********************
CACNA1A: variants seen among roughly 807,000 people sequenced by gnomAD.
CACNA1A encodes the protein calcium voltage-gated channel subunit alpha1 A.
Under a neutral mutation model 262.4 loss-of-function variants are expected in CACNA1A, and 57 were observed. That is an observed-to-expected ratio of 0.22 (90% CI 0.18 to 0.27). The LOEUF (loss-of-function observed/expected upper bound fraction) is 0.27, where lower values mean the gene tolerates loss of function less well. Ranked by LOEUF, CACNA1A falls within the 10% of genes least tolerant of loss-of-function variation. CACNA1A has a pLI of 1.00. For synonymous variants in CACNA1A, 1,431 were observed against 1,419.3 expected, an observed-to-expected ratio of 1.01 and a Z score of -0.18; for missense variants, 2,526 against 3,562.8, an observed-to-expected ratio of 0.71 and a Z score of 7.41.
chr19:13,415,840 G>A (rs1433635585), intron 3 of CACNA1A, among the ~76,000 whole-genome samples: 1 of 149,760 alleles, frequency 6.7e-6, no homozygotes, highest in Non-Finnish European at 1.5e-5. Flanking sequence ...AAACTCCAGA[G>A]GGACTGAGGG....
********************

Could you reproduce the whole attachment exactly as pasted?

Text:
CACNA1A: variants seen among roughly 807,000 people sequenced by gnomAD.
CACNA1A encodes the protein calcium voltage-gated channel subunit alpha1 A.
Under a neutral mutation model 262.4 loss-of-function variants are expected in CACNA1A, and 57 were observed. That is an observed-to-expected ratio of 0.22 (90% CI 0.18 to 0.27). The LOEUF (loss-of-function observed/expected upper bound fraction) is 0.27, where lower values mean the gene tolerates loss of function less well. Ranked by LOEUF, CACNA1A falls within the 10% of genes least tolerant of loss-of-function variation. CACNA1A has a pLI of 1.00. For synonymous variants in CACNA1A, 1,431 were observed against 1,419.3 expected, an observed-to-expected ratio of 1.01 and a Z score of -0.18; for missense variants, 2,526 against 3,562.8, an observed-to-expected ratio of 0.71 and a Z score of 7.41.
chr19:13,415,840 G>A (rs1433635585), intron 3 of CACNA1A, among the ~76,000 whole-genome samples: 1 of 149,760 alleles, frequency 6.7e-6, no homozygotes, highest in Non-Finnish European at 1.5e-5. Flanking sequence ...AAACTCCAGA[G>A]GGACTGAGGG....